I keep finding interesting bits and pieces in the various volumes of The Food Journal: a review of social and sanitary economy, and monthly record of food and public health. Volume 4 was the source of yesterday’s story. Today I want to share with you a short piece from Volume 3, published in 1873, which concerns an early experiment in growing tea in Britain.
The produce of the tea plant is a matter of so much national importance now, that we may be excused if we refer to a letter which appeared many years ago in the British Journal on tea cultivation. In it Mr. Routsey says:- "Having found the Chinese green tea plant (Camelia viridis) to be more hardy than some other shrubs which endure the open air in this neighbourhood, I have tried it upon the Welsh mountains, and found it succeed. I planted it in a part of Breconshire, not far from the source of the Usk, about 1,000 ft. above the level of the sea, and higher than the limits of the native woods - consisting of elder and birch. It endured the last winter, and was not affected by the frost of May. It has now made several vigorous shoots, and I have no doubt of its thriving very well." Perhaps some of our readers could inform us what was the result of this open-air experiment, and whether it ever happened to be tried elsewhere with success within the British Island?
I too, would like to know the result of this experiment. Was any tea actually produced? Is there anything left of this little experimental plantation? I am totally ignorant about the lifespan of Camelia viridis, but I do hope that somewhere above the treeline on a hillside in Wales, near the source of the Usk, there are a few straggly, neglected tea bushes.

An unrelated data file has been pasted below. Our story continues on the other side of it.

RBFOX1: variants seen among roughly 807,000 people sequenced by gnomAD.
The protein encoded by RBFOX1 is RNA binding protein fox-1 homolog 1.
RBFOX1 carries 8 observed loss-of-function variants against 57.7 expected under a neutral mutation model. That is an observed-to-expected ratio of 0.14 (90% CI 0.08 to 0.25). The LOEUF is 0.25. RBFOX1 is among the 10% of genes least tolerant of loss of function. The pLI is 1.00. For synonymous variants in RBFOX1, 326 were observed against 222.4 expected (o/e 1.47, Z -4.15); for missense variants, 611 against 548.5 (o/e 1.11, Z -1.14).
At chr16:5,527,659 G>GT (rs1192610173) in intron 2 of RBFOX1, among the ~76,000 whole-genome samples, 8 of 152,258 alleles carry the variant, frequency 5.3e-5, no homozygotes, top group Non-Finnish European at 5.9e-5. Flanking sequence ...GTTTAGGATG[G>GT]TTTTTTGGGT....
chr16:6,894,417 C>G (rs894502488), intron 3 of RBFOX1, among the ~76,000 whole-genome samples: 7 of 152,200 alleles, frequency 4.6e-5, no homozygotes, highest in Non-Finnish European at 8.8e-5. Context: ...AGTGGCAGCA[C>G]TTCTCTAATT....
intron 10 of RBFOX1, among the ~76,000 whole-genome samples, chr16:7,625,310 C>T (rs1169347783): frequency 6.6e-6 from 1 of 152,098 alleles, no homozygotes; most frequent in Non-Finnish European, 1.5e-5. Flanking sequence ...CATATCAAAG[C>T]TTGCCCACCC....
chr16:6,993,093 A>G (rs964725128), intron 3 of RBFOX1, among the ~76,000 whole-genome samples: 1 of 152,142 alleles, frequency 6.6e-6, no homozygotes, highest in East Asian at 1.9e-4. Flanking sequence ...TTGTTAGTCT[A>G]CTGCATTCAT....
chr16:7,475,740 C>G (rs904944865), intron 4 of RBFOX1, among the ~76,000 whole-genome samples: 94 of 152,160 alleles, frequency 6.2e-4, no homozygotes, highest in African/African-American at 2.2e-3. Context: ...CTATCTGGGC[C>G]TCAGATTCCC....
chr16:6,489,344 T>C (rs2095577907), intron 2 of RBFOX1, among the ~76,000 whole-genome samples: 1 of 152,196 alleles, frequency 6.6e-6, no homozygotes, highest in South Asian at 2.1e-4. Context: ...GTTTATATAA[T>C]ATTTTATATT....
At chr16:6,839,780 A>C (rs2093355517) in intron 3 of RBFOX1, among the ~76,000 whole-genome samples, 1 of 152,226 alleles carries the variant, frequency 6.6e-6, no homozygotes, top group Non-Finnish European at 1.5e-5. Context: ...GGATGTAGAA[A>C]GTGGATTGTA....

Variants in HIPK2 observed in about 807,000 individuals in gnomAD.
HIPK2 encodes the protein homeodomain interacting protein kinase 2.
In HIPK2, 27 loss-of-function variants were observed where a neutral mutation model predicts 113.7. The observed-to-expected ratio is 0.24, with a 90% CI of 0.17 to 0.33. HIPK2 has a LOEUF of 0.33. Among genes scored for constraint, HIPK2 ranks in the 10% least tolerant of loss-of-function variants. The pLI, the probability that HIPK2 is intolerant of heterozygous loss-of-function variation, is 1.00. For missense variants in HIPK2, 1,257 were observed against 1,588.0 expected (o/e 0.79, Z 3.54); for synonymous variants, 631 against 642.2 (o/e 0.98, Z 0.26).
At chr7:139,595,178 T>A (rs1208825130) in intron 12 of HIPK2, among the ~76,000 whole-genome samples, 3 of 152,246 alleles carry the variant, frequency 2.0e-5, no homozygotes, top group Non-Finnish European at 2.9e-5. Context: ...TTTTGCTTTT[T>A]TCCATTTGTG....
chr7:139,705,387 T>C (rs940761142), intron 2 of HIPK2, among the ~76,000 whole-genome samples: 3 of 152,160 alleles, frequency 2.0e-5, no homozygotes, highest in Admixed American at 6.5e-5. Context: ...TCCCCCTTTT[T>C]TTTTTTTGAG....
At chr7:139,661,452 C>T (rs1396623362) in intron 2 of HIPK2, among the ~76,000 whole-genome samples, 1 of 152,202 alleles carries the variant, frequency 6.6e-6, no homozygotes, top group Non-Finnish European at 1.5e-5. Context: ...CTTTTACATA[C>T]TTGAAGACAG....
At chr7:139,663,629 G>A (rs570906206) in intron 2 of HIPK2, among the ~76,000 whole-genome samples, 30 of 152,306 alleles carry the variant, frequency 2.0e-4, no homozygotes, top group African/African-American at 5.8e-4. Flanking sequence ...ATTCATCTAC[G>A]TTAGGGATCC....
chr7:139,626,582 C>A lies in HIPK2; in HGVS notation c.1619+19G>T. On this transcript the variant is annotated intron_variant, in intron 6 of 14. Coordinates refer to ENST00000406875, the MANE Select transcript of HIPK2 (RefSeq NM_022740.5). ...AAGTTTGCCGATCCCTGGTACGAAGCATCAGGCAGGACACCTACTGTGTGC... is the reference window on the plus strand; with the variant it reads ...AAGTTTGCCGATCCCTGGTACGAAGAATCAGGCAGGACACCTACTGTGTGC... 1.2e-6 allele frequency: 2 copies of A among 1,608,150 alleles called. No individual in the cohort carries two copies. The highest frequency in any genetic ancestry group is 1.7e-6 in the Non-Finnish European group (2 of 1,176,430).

It is interesting that tea is in fact being grown in Britain today. There are small commercial plantations in Cornwall and in Wales (in Pembrokeshire), in areas where apparently the microclimate is similar to that of Darjeeling.
It is said that global warming has enabled this new horticultural success, as it is supposedly assisting the renaissance in English wine-production, but it cannot explain the apparent early success of the 1870’s experiment, can it?
While we try to solve the mystery of the Welsh tea experiment, I give you some recipes from On Uncle Sam’s Water Wagon: 500 recipes for delicious drinks, which can be made at home (New York, 1919.) The book was written all those years ago in response to Prohibition, and proves that flavoured teas are not a yuppie modern tea-shop invention.
First scald the teapot. Allow from half to a full teaspoonful of tea to each cup, according to variety used. Pour freshly drawn boiling water over the tea, and allow to stand from three to five minutes. English breakfast tea should stand at least five minutes before it is served. Serve with sugar, cream, lemon or orange.
Tea à la Commodore
Make tea according to preceding recipe, and serve with sugar and three cloves to each cup.
Tea à la Biltmore
Serve tea sweetened with red and white rock candy instead of sugar. A slice of lemon may be
Make a syrup of one half cup of juice from preserved pineapple to two tablespoonfuls of
sugar, and simmer cubes of pineapple in it until the syrup is nearly absorbed by fruit. Serve
three cubes to each cup of hot tea, and more sugar if desired.
Scald earthenware teapot with boiling water and put in two teaspoonfuls of tea, pour over
boiling water, filling the pot one fourth full, and let stand three minutes. Then fill pot full of
boiling water and let brew five minutes. In serving, dilute with hot water, and put a slice of
lemon in each cup. Preserved strawberries or cherries may be added.
Tea à la Mitchell
Serve a spoonful of orange marmalade to each cup of hot tea.
Place a spoonful of lemon sherbet in a glass with two tablespoonfuls of lemon syrup and a
dash of acid phosphate. Nearly fill the glass with cold tea, and add a little cracked ice and soda
water. This is a delicious drink for hot days.
Quotation for the Day.
Thou Female-Tongue-running, Smile-smoothing, Heart-opening, Wink-tipping Cordial.
Cibber, The Lady’s Last Stake.